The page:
09 November 2011

The Answer is 42

I was just reading a post in Linguist List (here) discussing the issue of making data available and thereby allowing research to be checked and replicated. In it, there is a quote from a book The Fourth Paradigm: Data-Intensive Scientific Discovery, edited by Tony Hey, Stuart Tansley, and Kristin Tolle, including this extract:
I’ve talked about publishing literature, but if the answer is 42, what are the units? You put some data in a file up on the Internet, but this brings us back to the problem of files. The important record to show your work in context is called the data provenance. How did you get the number 42?
The use of the number 42 is not random. It is a direct allusion to the book The Hitchhiker's Guide to the Galaxy, where a computer is programmed to solve the meaning of everything, and it comes up with the answer 42. So then it has to come up with the question, which turns out to be rather difficult. Quite a clever allusion, really, in the context of providing full details about published research.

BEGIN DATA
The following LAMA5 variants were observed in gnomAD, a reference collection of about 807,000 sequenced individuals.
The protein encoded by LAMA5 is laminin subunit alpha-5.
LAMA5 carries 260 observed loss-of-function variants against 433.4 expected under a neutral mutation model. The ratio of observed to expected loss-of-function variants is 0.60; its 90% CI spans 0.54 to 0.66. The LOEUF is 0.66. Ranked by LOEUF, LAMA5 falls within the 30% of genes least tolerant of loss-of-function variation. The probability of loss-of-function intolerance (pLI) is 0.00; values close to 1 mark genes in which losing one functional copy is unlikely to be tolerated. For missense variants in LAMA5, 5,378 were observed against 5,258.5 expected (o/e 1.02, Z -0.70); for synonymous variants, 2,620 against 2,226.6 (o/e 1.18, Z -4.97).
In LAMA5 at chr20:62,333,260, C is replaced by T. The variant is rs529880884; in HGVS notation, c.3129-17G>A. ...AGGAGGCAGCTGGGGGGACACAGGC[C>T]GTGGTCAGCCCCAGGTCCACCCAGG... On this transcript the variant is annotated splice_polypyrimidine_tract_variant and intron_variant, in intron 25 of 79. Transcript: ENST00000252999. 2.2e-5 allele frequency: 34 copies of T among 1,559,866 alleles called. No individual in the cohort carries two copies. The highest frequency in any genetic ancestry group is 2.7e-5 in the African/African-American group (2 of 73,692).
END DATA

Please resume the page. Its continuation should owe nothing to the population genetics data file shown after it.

What is interesting about this extract is that the allusion is not explained, as you are expected to know it. Explaining it (as I have just done) would be regarded as rather tedious for people who are familiar with the book and so know perfectly well what 42 refers to.

I have mentioned The Hitchhiker's Guide to the Galaxy to some of my students in Brunei, and I have not yet found one of them who has heard of it, let alone read it. This means that none of them would pick up the allusion to 42.

Does this matter? Maybe you don't need to get all allusions, and you can still understand the basic ideas of an article with no problem. But it still seems to me that you are missing something vital if you read the extract I gave above and don't know about 42.

On the other hand, there are almost certainly lots and lots of allusions that I don't get, particularly as I don't watch very many films and I also don't read as much as I should. So perhaps I'm actually in the same boat.